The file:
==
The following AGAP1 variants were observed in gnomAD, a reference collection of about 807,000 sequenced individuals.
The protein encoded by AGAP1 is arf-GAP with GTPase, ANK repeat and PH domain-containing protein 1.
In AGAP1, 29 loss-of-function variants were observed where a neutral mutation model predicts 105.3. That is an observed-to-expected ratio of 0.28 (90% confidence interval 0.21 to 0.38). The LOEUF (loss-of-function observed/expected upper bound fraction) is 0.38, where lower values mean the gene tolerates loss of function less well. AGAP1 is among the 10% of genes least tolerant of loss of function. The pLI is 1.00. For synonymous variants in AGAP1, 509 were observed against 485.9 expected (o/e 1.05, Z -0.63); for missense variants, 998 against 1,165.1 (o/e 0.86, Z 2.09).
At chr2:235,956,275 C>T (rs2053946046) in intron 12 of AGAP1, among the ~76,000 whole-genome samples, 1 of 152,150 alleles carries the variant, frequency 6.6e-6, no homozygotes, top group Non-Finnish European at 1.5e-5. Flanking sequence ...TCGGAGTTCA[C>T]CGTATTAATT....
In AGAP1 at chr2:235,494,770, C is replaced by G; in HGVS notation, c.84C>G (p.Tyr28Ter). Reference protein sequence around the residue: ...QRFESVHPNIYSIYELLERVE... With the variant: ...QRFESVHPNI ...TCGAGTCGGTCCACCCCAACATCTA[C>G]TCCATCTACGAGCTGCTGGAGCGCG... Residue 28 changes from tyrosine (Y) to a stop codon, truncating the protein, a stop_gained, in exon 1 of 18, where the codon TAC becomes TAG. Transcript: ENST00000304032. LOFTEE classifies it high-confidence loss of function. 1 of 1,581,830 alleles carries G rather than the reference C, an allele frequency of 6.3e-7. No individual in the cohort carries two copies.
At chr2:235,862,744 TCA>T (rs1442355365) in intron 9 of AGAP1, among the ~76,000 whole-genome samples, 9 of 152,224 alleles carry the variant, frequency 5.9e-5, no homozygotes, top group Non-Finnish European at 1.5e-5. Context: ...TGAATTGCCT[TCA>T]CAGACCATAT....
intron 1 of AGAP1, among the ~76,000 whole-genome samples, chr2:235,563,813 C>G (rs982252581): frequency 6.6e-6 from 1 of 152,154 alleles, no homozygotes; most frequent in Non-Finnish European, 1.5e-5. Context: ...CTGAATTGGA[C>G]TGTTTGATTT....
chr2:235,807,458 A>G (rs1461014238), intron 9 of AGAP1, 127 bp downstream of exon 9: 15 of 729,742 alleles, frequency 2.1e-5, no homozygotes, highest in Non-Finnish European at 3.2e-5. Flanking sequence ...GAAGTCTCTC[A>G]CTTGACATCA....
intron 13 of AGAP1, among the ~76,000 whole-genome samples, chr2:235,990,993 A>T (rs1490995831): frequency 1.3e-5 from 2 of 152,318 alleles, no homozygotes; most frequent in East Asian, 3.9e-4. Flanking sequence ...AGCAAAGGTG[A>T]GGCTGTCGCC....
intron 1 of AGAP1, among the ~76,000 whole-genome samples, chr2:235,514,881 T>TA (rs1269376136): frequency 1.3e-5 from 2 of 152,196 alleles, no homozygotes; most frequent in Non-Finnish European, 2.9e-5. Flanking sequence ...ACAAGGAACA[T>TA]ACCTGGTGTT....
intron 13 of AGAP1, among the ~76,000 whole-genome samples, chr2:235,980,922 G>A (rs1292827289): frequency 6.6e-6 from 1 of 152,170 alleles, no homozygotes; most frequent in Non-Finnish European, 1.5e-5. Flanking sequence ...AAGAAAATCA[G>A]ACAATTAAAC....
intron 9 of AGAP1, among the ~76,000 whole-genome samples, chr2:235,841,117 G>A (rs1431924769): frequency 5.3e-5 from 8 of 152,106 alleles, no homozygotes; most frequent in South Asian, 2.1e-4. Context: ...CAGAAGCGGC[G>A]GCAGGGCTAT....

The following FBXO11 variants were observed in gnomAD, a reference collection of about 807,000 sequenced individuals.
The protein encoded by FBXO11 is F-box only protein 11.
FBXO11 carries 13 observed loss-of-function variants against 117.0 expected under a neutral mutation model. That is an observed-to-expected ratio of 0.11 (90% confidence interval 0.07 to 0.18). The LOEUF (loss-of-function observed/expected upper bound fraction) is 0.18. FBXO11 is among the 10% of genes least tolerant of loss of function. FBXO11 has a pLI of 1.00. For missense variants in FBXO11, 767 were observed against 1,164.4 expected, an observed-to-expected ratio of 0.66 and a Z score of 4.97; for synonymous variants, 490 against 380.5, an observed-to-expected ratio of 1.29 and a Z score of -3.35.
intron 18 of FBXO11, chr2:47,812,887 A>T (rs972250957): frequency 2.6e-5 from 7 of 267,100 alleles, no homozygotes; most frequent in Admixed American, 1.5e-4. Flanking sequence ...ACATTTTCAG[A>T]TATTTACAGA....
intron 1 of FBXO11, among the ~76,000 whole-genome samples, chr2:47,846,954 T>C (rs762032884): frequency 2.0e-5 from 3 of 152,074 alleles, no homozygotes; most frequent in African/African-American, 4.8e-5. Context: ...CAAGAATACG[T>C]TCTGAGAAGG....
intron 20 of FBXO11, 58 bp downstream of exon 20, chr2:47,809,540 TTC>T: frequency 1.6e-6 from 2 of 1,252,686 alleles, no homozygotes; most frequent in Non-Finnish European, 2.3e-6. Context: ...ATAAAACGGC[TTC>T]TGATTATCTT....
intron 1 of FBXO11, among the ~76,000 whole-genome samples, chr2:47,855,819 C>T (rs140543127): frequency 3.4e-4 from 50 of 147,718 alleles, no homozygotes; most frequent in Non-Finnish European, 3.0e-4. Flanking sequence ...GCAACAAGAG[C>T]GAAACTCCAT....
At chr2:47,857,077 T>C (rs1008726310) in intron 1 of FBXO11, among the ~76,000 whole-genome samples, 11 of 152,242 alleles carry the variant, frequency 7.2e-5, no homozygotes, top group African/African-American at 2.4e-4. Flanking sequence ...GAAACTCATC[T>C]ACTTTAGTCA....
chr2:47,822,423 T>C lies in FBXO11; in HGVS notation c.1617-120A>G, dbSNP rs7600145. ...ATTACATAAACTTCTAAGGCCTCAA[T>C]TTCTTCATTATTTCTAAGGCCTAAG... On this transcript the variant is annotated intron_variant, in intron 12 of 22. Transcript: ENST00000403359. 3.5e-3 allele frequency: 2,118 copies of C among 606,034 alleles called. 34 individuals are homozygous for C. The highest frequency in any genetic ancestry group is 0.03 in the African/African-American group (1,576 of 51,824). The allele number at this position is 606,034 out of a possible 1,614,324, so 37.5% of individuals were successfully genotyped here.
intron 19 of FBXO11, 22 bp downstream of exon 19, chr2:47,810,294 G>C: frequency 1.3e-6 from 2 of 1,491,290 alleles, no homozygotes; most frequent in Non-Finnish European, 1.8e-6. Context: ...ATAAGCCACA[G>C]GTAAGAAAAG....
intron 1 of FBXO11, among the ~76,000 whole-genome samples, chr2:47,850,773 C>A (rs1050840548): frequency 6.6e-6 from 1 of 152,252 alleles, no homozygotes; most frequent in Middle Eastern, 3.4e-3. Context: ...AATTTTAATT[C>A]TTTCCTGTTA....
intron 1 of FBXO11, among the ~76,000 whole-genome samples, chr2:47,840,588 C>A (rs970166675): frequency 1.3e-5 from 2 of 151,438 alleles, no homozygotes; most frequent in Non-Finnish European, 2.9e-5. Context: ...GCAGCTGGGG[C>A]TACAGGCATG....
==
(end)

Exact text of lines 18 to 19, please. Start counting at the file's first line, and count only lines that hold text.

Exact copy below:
intron 20 of FBXO11, 58 bp downstream of exon 20, chr2:47,809,540 TTC>T: frequency 1.6e-6 from 2 of 1,252,686 alleles, no homozygotes; most frequent in Non-Finnish European, 2.3e-6. Context: ...ATAAAACGGC[TTC>T]TGATTATCTT....
intron 1 of FBXO11, among the ~76,000 whole-genome samples, chr2:47,855,819 C>T (rs140543127): frequency 3.4e-4 from 50 of 147,718 alleles, no homozygotes; most frequent in Non-Finnish European, 3.0e-4. Flanking sequence ...GCAACAAGAG[C>T]GAAACTCCAT....